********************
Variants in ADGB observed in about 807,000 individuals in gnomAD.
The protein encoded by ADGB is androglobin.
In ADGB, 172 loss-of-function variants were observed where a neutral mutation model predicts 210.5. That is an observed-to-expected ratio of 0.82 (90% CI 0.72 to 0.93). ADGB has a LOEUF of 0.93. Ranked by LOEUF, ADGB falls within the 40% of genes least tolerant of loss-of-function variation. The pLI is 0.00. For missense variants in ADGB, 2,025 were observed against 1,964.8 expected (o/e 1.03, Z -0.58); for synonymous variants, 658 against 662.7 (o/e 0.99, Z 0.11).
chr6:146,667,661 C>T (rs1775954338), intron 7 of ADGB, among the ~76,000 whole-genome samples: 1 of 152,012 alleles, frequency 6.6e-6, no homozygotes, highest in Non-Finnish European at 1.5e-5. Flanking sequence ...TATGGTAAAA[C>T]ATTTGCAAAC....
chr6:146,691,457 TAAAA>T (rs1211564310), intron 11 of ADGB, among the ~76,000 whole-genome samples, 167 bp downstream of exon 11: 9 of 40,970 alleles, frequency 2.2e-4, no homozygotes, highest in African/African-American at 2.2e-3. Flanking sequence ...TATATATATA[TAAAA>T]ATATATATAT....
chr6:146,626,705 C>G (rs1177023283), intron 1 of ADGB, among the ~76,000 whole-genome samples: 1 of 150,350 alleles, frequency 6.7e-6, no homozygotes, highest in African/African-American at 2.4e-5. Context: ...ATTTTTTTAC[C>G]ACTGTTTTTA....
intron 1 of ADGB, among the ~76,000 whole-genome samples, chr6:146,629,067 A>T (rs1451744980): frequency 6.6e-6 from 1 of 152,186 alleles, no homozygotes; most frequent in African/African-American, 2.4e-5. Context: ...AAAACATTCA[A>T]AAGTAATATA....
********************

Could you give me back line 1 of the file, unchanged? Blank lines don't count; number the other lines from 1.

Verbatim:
Variants in ADGB observed in about 807,000 individuals in gnomAD.